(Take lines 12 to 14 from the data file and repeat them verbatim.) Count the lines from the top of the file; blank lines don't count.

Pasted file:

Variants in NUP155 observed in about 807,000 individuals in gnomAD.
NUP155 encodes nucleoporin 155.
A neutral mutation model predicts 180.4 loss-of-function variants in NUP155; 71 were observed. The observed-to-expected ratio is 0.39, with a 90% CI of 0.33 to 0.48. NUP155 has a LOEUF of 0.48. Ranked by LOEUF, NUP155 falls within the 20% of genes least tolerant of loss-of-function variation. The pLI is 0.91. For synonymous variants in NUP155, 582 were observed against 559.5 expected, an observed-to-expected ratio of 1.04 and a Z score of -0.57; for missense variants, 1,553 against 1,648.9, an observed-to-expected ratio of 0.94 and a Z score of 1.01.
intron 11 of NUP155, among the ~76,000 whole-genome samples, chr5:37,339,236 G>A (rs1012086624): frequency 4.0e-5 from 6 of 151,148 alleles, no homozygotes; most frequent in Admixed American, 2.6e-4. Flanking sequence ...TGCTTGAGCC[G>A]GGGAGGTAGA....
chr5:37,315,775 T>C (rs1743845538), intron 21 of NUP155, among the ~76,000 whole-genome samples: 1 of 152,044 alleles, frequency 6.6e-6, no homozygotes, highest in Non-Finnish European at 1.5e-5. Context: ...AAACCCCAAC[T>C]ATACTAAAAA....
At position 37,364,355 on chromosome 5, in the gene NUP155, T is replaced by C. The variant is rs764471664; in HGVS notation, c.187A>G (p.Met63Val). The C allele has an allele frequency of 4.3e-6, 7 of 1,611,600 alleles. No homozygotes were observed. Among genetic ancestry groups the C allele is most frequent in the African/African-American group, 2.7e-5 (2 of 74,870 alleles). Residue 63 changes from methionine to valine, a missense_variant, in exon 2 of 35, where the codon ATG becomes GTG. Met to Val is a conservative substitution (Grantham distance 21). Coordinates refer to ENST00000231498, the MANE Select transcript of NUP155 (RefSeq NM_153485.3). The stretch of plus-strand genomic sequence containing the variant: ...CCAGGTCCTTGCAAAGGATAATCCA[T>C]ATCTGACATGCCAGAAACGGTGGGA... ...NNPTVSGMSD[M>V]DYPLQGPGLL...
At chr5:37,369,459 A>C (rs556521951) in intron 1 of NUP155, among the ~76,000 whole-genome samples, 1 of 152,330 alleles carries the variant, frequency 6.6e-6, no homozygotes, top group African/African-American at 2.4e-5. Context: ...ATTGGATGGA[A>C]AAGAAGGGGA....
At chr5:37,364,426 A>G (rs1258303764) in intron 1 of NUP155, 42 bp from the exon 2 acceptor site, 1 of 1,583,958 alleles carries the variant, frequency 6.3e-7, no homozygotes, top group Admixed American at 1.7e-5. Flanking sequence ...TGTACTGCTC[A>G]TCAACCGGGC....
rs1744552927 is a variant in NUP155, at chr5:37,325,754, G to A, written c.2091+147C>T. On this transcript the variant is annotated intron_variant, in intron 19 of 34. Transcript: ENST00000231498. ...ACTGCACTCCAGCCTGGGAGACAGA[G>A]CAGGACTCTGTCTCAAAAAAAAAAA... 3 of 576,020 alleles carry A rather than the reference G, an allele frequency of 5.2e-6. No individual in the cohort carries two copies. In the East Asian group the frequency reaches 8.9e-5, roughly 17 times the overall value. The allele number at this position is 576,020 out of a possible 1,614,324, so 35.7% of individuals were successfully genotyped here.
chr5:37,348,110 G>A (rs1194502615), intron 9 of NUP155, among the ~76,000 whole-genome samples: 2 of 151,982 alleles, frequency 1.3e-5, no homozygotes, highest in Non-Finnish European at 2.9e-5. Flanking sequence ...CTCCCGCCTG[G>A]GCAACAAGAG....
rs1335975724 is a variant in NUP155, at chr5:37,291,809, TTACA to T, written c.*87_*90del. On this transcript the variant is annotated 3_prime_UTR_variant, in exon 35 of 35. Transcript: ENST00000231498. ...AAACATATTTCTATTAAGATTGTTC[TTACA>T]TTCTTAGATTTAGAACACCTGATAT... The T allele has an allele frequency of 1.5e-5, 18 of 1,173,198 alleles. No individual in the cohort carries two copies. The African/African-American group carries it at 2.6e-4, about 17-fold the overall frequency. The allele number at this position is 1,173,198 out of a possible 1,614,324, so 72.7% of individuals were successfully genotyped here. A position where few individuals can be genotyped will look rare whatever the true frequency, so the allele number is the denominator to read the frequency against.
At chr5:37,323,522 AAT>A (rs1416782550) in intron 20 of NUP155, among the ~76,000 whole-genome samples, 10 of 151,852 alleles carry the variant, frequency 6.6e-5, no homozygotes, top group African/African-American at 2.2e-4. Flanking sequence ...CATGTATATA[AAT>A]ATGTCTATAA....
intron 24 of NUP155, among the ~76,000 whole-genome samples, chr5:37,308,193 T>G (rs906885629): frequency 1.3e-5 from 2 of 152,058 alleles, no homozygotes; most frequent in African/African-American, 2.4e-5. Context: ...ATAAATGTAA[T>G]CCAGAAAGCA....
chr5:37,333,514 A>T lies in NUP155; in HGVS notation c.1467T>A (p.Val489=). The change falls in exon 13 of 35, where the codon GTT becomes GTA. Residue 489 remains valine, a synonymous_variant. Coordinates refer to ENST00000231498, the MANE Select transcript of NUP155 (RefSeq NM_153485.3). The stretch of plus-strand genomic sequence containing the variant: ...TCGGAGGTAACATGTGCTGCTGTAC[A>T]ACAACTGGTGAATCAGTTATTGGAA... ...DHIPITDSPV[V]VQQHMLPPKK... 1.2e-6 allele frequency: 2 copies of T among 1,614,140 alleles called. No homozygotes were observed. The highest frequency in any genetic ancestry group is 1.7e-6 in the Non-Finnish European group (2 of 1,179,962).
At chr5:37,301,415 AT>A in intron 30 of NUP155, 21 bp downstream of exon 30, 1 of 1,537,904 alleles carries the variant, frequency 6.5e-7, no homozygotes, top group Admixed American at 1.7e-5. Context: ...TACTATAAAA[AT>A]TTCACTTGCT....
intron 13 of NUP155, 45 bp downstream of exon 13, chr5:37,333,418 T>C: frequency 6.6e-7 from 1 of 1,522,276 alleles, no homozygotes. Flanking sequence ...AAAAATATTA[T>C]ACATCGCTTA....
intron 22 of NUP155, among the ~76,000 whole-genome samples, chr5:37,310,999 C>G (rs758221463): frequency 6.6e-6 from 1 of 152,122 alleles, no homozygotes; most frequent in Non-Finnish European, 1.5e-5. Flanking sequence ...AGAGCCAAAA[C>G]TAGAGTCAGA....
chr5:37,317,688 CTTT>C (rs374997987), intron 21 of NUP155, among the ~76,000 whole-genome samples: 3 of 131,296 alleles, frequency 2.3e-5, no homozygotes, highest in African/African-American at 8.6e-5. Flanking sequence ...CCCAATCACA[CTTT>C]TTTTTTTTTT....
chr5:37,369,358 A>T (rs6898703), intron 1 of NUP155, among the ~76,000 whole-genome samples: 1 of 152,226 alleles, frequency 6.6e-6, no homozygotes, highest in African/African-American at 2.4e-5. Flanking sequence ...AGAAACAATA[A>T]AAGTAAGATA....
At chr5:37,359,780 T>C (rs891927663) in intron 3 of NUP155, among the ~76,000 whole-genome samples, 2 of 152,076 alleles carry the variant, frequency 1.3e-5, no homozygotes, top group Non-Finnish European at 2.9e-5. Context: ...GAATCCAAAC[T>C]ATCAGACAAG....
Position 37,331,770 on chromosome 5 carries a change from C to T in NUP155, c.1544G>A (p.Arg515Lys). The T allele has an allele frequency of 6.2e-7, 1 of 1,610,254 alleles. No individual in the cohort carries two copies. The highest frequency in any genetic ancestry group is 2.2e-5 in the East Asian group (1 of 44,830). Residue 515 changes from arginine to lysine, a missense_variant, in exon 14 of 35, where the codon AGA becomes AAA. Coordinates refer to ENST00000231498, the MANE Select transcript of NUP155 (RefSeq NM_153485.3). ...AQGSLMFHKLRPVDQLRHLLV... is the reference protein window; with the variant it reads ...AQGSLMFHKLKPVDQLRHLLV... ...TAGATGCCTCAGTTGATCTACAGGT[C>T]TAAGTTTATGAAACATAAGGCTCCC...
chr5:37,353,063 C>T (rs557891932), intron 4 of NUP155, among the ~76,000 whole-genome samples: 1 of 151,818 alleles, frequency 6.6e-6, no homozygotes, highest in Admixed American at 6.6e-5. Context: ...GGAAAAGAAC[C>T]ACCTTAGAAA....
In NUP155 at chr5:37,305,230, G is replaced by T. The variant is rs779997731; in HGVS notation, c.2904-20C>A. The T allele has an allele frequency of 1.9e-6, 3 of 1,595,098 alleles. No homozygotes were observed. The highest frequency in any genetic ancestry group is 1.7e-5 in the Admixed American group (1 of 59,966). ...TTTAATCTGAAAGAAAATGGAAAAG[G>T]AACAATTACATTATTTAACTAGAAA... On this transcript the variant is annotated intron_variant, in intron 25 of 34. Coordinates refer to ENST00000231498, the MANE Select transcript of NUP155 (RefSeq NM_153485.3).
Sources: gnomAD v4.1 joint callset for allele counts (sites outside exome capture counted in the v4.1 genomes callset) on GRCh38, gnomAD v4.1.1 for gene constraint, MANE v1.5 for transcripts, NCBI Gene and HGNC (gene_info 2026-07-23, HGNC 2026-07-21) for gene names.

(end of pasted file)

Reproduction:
At chr5:37,323,522 AAT>A (rs1416782550) in intron 20 of NUP155, among the ~76,000 whole-genome samples, 10 of 151,852 alleles carry the variant, frequency 6.6e-5, no homozygotes, top group African/African-American at 2.2e-4. Flanking sequence ...CATGTATATA[AAT>A]ATGTCTATAA....
intron 24 of NUP155, among the ~76,000 whole-genome samples, chr5:37,308,193 T>G (rs906885629): frequency 1.3e-5 from 2 of 152,058 alleles, no homozygotes; most frequent in African/African-American, 2.4e-5. Context: ...ATAAATGTAA[T>G]CCAGAAAGCA....
chr5:37,333,514 A>T lies in NUP155; in HGVS notation c.1467T>A (p.Val489=). The change falls in exon 13 of 35, where the codon GTT becomes GTA. Residue 489 remains valine, a synonymous_variant. Coordinates refer to ENST00000231498, the MANE Select transcript of NUP155 (RefSeq NM_153485.3). The stretch of plus-strand genomic sequence containing the variant: ...TCGGAGGTAACATGTGCTGCTGTAC[A>T]ACAACTGGTGAATCAGTTATTGGAA... ...DHIPITDSPV[V]VQQHMLPPKK... 1.2e-6 allele frequency: 2 copies of T among 1,614,140 alleles called. No homozygotes were observed. The highest frequency in any genetic ancestry group is 1.7e-6 in the Non-Finnish European group (2 of 1,179,962).